Recognized as one of the top diversity employers in Canada, BC Hydro’s diversity initiatives go beyond culture and ethnicity. They were the first recipient of Simon Fraser University’s Nancy McKinstry award for leadership in gender diversity in 2009, and more recently won the BC HRMA award of excellence for innovation for their “Generational Diversity” report which provided key insights regarding employee engagement within their generational pools.
Clapperton stresses that BC Hydro’s diversity initiatives are focused on ensuring the right people fill the right positions. “We haven’t lost sight of merit,” she says. “Instead, [our diversity initiatives] help us expand the search and provide an opportunity for a broader, more balanced candidate pool.” To do that, HR assesses each vacancy with an eye to what the real need is, rather than simply replacing an individual who has left. For example, just because an incumbent has an MBA and engineering degree, doesn’t mean his or her replacement must too. By considering other qualifications, such as project management skills, the candidate pool is opened up to a more diverse group.
BC Hydro’s public image reflects its commitment to diversity. They recently refreshed their recruitment look and feel to visually represent the diverse workforce they would like to attract. “We fundamentally believe that diversity leads to balanced decision-making,” says Clapperton. “At Hydro, diversity isn’t so much a program as a commitment strategy.”
Success is measured through a variety of factors, including employee engagement. Do employees feel free to voice their opinions openly? Does the organization provide the kind of flexible work arrangements that enable diverse employees to balance their work and personal needs? “Most important though,” says Clapperton, “we measure success by considering how diversity contributes to the bottom line by positively influencing customer satisfaction and promoting a safer workplace.”
Diversity encourages innovation
Innovation is the cornerstone of academic success. And most innovation originates by thinking outside the box and considering perspectives that are different from your own. This is why it’s not unusual for departments and faculty at the University of British Columbia to have rules against hiring their own graduates. “Bringing people with diverse perspectives together can result in new ideas that couldn’t have been developed in isolation,” says Tom Patch, associate vice-president equity.
Like BC Hydro, UBC was named one of the top diversity employers in Canada in 2010. In an increasingly competitive environment for attracting the best faculty, Patch says that people are attracted to a place where they know their perspectives will be welcomed, and where they will be valued and included.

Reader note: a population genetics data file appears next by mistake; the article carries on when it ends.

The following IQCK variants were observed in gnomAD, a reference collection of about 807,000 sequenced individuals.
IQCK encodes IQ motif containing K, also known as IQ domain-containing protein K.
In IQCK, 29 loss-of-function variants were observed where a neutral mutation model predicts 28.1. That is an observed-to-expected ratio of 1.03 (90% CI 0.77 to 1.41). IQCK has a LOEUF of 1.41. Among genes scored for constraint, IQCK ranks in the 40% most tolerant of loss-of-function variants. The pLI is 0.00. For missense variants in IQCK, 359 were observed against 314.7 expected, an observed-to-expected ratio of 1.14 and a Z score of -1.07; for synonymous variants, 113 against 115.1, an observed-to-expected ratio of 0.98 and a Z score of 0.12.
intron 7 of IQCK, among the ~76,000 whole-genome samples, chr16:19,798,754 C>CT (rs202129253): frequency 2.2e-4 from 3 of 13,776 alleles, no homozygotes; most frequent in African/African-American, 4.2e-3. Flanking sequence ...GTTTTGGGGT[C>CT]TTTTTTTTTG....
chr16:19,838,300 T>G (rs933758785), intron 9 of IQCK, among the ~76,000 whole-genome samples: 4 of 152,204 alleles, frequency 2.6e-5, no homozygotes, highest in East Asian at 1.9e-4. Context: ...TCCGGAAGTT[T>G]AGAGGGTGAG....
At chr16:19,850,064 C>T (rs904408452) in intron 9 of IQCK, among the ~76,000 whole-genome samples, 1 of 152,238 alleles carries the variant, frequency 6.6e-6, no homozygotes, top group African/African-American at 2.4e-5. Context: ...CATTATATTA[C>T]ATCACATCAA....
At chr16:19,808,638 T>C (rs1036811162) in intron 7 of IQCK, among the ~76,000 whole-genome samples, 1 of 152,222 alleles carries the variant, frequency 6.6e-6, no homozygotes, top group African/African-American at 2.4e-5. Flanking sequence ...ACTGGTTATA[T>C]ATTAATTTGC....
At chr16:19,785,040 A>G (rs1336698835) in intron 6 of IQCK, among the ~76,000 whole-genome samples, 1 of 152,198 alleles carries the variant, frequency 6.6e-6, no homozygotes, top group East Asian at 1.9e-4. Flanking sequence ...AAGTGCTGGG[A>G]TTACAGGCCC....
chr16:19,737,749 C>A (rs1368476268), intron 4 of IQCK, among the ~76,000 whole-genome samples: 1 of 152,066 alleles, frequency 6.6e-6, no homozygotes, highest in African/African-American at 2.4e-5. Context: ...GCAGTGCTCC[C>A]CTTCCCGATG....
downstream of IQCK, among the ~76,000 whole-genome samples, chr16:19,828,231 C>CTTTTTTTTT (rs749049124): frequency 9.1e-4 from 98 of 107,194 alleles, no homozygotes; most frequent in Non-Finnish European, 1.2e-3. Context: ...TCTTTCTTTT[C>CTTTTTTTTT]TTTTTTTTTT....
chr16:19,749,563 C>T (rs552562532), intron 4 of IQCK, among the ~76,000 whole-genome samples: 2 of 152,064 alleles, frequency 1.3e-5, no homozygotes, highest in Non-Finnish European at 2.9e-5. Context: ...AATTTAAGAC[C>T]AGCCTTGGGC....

Students benefit from this approach by being exposed to new ideas. “Our mission is to graduate students who are ready to participate in the world as they find it,” says Patch. Increasingly that’s a more diverse world. Although local students have grown up in a context where diversity is taken for granted, ironically, for many international students raised in homogenous environments, diversity is a foreign concept. While the student body is increasingly diverse, Patch admits that UBC’s workforce lags behind. Women and visible minorities continue to be underrepresented in leadership positions and Aboriginal people and persons with disabilities are underrepresented in many sectors of the UBC community. “We need a faculty that understands the concerns of the student body.”
One of the unique aspects of UBC’s diversity program is an employment equity census. The census started out as a requirement for the Federal Contractors Program, but it now helps UBC track the progress of its equity hiring strategies. “We use the census to get a snapshot of the demographics of our workforce … so that we can determine whether our representation is appropriate given the availability of people within those groups in the workforce,” says Patch. The census data is available to the public, which fosters transparency and helps focus administrators on the issues. In partnership with HR, the Equity office provides training to faculty to ensure that the selection process is sensitive to diversity issues when screening and short listing candidates.
This Fall, UBC is rolling out an Equity and Diversity Strategic Plan that formalizes its goals in these areas and measures its progress. (A draft plan that incorporates feedback from students, faculty, and the public is available on their website.) Patch says the plan aims to show that hiring a more diverse workforce isn’t an isolated program that is an end to itself. “Diversity needs to serve a broader purpose,” he says. The plan will ensure that UBC’s workforce values difference and that workers who were historically underrepresented aren’t marginalized. “It’s an institutional measure that these things matter. In that way, diversity becomes part of our decision-making processes. It’s about being a more diverse place and recognizing the strength that comes from difference.”
Looking beyond stereotypes and quotas
Ironically, as organizations start putting diversity to work for them, the focus on diversity is shifting. Recruiters no longer look to fill quotas but instead aim to ensure a wider pool of candidates is included in the selection process. Stereotypes that used to characterize minority groups are becoming less useful.
Instead, employers are learning how to recognize and appreciate the strengths of different individuals, regardless of whether they are part of a minority or disadvantaged group. The face of diversity may be changing, but the benefits of having a workforce that provides a wide range of perspectives, experiences, and relationships are too important for BC employers to ignore.
By Sharon Boglari